Support Whales in the Wild

Support whales in the wild by observing them in their home and be welcomed into their pod for a meaningful and memorable experience. Western Australia is fortunate to witness the largest Humpback Whale migration on the planet as over 45,000 Humpbacks make the annual migration along our coastline. Choosing to see whales and dolphins in the wild supports these populations and prevents the need for captive cetaceans. A wild whale is a happy whale and today was a perfect example of how wonderful it is to see and be amongst a wild whale population. Today we learned the Language of the Whales as many mother and calf pods were teaching their little ones how to communicate with other whales. We started the morning with our Pod Members including the lovely ladies from PLC Collage, it is always a pleasure to welcome our next generation of cetacean guardians onboard to show them the wonderful ways our Humpback Whales and other cetacean species give back to our oceans.

Our first mum and calf pod were sighted not long after we departed looking for some sheltered waters while using the sound footprints of the ships that were at anchor. A stunning turquoise glow appeared from beneath us to reveal one of the most unique looking Humpbacks we have seen in a little while, with white covering most of her body along with many scars we made sure we took plenty of ID photos to add to our catalogue. The young calf took after mum with a very white belly and side flanks. We sat with these two for about fifteen minutes while mum decided she wanted to show off what she had done, bringing her calf right under our bow we were delighted to be trusted this much by our mother Humpback.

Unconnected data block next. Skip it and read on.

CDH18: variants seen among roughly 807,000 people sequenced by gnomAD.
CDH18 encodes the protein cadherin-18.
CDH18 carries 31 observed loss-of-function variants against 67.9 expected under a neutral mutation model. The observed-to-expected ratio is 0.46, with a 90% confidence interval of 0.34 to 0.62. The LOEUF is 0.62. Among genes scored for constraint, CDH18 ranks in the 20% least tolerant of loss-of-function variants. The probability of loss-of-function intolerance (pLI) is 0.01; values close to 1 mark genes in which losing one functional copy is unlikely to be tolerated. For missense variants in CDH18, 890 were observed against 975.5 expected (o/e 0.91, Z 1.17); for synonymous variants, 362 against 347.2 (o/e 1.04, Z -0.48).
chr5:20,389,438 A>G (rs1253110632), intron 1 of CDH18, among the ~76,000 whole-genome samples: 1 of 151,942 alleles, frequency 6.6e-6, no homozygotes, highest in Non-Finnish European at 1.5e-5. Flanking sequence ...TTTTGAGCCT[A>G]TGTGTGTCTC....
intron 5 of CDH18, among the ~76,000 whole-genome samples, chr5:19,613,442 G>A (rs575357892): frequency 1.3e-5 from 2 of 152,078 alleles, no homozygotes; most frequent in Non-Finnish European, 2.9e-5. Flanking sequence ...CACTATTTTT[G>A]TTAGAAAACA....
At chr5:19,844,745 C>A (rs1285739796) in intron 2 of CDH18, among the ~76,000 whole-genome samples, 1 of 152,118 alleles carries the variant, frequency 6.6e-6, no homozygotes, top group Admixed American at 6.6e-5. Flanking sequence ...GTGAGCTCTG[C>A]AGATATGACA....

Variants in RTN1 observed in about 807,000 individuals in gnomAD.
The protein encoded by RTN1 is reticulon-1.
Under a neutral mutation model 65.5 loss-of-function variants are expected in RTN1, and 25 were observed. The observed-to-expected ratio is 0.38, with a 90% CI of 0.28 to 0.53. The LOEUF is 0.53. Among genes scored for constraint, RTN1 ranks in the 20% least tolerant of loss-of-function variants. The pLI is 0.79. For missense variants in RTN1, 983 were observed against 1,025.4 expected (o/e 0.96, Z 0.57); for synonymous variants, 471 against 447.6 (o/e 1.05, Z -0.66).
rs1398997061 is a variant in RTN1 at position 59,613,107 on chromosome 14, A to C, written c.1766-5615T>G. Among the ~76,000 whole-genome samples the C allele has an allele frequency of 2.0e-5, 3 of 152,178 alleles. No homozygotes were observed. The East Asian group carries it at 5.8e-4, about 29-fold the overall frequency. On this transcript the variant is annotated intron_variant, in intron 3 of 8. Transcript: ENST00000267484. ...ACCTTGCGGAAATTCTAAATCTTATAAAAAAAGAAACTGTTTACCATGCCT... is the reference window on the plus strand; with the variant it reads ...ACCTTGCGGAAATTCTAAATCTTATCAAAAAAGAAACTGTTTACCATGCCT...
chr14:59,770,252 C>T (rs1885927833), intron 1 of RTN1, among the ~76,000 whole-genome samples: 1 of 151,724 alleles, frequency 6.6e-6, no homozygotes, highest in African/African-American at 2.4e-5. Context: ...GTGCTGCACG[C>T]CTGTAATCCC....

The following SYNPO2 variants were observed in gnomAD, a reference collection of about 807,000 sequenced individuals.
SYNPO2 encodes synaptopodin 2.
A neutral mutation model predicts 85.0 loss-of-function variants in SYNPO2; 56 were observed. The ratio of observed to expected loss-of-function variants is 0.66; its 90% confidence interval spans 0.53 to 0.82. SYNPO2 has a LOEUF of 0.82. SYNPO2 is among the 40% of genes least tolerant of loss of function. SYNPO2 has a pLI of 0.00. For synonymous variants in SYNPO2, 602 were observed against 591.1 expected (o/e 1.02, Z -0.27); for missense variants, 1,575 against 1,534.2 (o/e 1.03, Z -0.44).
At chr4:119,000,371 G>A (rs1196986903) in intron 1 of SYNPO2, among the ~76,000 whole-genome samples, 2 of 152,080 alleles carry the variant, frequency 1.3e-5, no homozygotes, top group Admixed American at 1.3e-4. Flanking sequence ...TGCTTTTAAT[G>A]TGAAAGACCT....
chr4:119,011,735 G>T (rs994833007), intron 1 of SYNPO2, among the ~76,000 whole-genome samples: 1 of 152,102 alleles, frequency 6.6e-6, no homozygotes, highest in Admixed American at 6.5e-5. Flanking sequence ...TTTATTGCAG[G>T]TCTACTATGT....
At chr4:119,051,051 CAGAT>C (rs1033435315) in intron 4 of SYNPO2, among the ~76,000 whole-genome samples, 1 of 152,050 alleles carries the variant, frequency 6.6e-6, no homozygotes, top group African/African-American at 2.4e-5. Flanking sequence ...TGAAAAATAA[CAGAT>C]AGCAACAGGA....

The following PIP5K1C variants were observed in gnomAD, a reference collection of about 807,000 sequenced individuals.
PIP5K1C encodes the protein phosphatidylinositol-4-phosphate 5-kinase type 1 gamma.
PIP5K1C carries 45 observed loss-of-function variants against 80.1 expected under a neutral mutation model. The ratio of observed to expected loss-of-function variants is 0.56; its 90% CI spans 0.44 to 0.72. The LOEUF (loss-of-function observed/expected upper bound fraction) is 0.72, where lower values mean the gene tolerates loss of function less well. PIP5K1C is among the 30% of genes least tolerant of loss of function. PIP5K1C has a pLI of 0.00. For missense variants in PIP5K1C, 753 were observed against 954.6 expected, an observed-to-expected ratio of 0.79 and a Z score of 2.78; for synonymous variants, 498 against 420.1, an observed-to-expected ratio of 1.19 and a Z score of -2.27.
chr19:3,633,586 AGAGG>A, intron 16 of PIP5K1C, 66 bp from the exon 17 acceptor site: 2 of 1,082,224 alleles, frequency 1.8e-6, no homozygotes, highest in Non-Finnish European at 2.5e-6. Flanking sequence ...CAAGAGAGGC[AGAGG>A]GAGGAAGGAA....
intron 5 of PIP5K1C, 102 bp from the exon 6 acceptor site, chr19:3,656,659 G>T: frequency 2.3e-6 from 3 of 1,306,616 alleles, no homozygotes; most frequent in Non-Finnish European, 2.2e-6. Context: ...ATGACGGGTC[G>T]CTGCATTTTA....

After a few very close passes she decided that was enough and went on her way heading south with her calf. Wishing her well we soon joined with the many other pods all communicating today with spectacular breaching, inverted tail slapping, pec slapping and curious spy hops by mother whales. Mother whales began to bring their little ones together for playtime as they erupted with more breaching. Getting closer to each other the calves weren’t as crazy and uncontrolled with their breaches but toned it down a bit to not hurt or injure each other. 

Each day we spend with our whales the more we learn which means we can teach a more in-depth knowledge of the species we work with and their environment to every Pod Member that joins us. It is always an incredible experience to be able to see in action how these Humpback Whales communicate and act towards each other and vessels, by learning the Language of the Whales we can then make sure we do right by them. Everyone who joins our tours and becomes a Pod Member helps to do their part in supporting whales in the wild and helps to prevent the need for captive cetaceans.

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